Let’s make one thing clear. ‘Good wine’ is neither expensive, nor old. Cork or Screwcap doesn’t matter either. A screwcap only means that the wine is committed to quality right there and then.
If that the case…. What makes for a good bottle of wine? How do I pick?
There are so many! California Wine, French wine, Wine from Spain...etc.
Let's go for the basics on this one.
The general tasting rules of Swirl, Smell and Taste are a start, but there's more to learn when figuring out if a wine is worthy of your taste and money. So, let’s take a moment to get into it a little bit.
Look at the backside of the bottle.
Sometimes first appearance isn't everything. Front labels can be tempting, but check out the full package before you buy. Also, the back labels usually have more information about a wine. These days, there are some clues about the wine like fruits, flavors, the aging process, importers and the wine region. Keep an eye out for any stamps of approval like awards or reviews—all signs of a currently popular wine. Go ahead and ask for recommendations. Don't be afraid! "Ask the wine steward or a find a wine friend for a recommendation to help make your selection," says Peter Click, president and founder of The Click Wine Group (Fat Bastard Wines). I read in a men’s magazine; If you're on a date, almost always the woman you are with will appreciate your modesty, openness and refuge to ask for assistance from a trusted expert. * Quick Hint…It’s probably one of the easiest times for a man to show humbleness to a woman….LOL ;-)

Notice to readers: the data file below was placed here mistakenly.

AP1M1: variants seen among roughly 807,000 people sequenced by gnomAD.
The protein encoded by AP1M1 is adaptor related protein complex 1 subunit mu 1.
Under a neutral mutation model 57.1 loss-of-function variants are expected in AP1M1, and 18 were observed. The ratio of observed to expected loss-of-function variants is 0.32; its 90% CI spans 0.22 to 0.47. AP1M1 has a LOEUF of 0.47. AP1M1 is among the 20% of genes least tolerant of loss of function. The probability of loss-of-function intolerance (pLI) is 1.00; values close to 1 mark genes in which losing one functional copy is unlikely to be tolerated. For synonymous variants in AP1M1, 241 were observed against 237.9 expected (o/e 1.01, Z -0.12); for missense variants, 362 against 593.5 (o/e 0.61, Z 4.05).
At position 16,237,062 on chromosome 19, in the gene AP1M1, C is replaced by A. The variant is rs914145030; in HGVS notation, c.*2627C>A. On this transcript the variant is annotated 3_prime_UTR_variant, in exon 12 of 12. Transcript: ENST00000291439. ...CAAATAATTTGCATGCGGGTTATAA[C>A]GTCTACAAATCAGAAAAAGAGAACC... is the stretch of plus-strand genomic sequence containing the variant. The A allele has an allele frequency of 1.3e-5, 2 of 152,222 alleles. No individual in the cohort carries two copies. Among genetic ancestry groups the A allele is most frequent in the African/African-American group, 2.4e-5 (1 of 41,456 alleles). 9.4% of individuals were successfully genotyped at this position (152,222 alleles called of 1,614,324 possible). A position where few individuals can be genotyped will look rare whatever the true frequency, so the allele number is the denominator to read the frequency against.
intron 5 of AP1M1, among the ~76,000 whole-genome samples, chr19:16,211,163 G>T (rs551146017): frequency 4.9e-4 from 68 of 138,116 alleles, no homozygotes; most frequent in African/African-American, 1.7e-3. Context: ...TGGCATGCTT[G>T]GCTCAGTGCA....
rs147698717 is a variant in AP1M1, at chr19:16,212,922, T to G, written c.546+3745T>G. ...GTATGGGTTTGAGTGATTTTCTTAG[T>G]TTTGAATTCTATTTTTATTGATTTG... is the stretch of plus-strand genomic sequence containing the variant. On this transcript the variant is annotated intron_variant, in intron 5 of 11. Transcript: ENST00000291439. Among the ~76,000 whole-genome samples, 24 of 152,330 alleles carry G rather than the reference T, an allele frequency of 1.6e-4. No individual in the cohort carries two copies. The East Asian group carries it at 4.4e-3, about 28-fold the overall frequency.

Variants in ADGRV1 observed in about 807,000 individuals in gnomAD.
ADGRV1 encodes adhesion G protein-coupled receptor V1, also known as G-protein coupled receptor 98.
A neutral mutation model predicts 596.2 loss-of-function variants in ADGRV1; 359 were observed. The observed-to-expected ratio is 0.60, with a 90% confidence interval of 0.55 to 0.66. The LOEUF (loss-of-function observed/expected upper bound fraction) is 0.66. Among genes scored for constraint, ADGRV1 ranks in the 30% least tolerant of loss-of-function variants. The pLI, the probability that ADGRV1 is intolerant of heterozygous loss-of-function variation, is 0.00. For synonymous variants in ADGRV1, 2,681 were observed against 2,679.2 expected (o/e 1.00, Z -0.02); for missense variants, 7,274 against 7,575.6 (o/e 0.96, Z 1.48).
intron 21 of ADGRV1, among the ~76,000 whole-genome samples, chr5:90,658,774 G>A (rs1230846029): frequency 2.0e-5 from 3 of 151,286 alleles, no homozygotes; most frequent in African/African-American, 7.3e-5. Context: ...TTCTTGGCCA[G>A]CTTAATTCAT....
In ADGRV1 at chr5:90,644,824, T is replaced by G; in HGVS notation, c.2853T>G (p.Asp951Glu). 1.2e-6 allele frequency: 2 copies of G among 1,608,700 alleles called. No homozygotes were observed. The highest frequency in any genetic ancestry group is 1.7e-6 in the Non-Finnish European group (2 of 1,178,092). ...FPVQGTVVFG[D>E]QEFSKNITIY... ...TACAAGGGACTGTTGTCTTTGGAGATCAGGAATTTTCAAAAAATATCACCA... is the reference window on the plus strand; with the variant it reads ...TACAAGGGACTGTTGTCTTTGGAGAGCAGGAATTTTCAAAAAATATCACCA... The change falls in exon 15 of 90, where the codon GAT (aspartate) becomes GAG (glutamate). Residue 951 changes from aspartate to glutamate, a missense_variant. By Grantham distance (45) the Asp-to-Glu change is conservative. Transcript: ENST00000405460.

…Anyways, asking questions is a good thing.
Swirl and smell the wine.
Here's where two fun rules of wine tasting 101 come into play. Does it have nice legs? You know; those lean teardrop lines of liquid that slowly drip down the sides of the glass. Legs don’t mean much when it comes to determining a good wine, but it gives you a clue on its alcohol content. Also, Smell it. always smell. Believe it or not; Tasting is mostly from the nose….
Okay. What do you smell? Honey? Cherries? Apple? Vanilla, Oak, Earthiness? I’ll bet, the more you smell, the better the wine may taste. If it’s juicy and you pick up two or of three types of fruits or aromas or things your nose knows you’re going to like the wine. What’s weird is even if the smell is something totally out of this world. It could make the wine interesting. I am a big proponent of smelling and swirling a lot; the taste is confirming your senses.
So, you see ‘Good wine’ is the combination of all that. So, when you are doing all of this and you think the wine is bad. It probably is, unless there is something else going on making the wine too complex to enjoy right there and then. (And that can be a lot of serious educated info too, remember wines been made for thousands of years).
Taste the wine.
Once you've swirled and smelled your way around the glass, go in for the sip. Let the juice move around your tongue. So yeah wine is pretty sexy … It requires you to focus …
Do you taste dark cherries, plums, grapefruit, minerals, earthiness? Use your taste buds to figure out how many diverse flavors you can pick up on. Guess…
*Quick Hint: as long as the wine is in balance and isn't nasty-smelling, the more you can taste the more complex the wine is. It’s not always that straight forward. But it gives you an idea.
If it’s not in balance you will taste more acidity or more oak or more fruit. But when all the flavors stay on your tongue for some time, it’s awesome! Basically, if fruit flavors like plums, blackberry, cherry, raspberry, citrus, peaches, melons fill your tongue and the finish lingers in your mouth know you've got a ‘good wine’.
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